(I’m playing catch-up. Three blog posts in semi-quick succession)
H is for Halcyon…
Halcyon Days. It’s an archaic use, but it means calm and tranquil, and since we’re sailors in our family, we appreciate the “Halcyon Days.” Traditionally, they are 10 days in winter when the wind does not howl and the seas calm. But … where in the world does that idea come from? Are there REALLY 10 consecutive days in winter that are calm? I mean … really?
It all comes from the myth of Alcyon and Ceyx. Ceyx was the son of the Morning Star and Alcyon was his wife. Face it, these two made Brad and Angelina look plain and rather homely. These. Two. Were. Gorgeous, and upon that, everyone in Ceyx’s kingdom agreed. They also radiated love for one another. If you know my writing, you can see where this is headed, right? Long story short, they call each other Zeus and Hera, and this ticks off Zeus. Ceyx heads off on a sea voyage, Zeus says, “That’s quite enough of that.” and whacks Ceyx’s ship with a lightning bolt. Ceyx, before he drowns, only asks one thing—that his body washes up on his home shore so Alcyon will know what happened to him. So, when his body does wash up on shore, Alcyon is so distraught that she throws herself into the sea. At this point, the gods are more than a little miffed at Zeus, so he relents and turns the two lovers into a species like a kingfisher. They live at sea and nest in the winter. What are the Halcyon Days? They are the supposed 10-day stretch of fair, calm weather in January during which the kingfishers build their nests and have their babies….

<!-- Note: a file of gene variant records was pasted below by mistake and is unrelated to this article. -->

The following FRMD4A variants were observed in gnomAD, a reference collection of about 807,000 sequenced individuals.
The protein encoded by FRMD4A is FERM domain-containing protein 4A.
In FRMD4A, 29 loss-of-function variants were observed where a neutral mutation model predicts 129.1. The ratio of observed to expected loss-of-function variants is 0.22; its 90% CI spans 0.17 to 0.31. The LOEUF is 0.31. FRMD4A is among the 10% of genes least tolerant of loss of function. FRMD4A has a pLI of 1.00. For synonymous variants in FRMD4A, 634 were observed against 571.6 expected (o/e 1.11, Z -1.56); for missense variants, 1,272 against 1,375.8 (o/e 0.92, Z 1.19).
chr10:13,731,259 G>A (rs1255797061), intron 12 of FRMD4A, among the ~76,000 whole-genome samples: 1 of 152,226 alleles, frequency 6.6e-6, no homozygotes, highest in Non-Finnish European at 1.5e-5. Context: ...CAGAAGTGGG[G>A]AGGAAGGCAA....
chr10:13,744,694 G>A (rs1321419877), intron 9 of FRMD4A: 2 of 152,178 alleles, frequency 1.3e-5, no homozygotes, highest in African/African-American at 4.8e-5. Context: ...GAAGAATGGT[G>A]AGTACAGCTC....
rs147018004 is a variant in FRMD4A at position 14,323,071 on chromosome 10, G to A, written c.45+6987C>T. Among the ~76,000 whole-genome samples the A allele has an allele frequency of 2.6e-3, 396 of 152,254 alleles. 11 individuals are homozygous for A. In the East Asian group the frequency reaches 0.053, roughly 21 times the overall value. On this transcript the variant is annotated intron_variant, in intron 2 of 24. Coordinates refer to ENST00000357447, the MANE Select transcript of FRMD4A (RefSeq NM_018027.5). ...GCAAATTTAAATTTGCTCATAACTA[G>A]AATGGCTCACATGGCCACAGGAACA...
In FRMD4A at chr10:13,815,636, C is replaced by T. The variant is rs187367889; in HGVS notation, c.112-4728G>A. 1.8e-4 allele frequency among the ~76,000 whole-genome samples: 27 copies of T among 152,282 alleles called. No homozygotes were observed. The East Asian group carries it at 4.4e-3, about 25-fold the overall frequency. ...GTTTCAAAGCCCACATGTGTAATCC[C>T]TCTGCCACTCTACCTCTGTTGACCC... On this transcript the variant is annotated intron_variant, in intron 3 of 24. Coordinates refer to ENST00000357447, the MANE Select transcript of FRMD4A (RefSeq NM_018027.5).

Poetry Form: Arabian Sonnet
I lifted this definition word for word from The Poet’s Garrett (http://www.thepoetsgarret.com )
The origin of this sonnet form, but having seen several examples of this sonnet using this form it is only fitting that it is included here. Basically it follows the Italian form, but because of the proximity of the two countries its not surprising there would be some influence. It has a rhyme scheme of;
a. a. a. a. . . b. b. b. b. . . c. c. c. . . d. d. d.
Out of time and storied past
This song across the sea was cast
Two lovers bound, whose lives were dashed
While gods and mortals watched aghast.
Fair Alcyone and Ceyx brave
Two hearts most willingly enslaved
And of such beauty gods forgave
Oft boasted deity they raised.
All but Zeus, who took offense
And when brave Ceyx ventured hence
Did strike his ship, unto death dispense.
Such tumult on Olympus blazed
At wanton Death of Love misplayed
So sham’ed Zeus this penance gave, O lovers-lost, O, Halcyon Days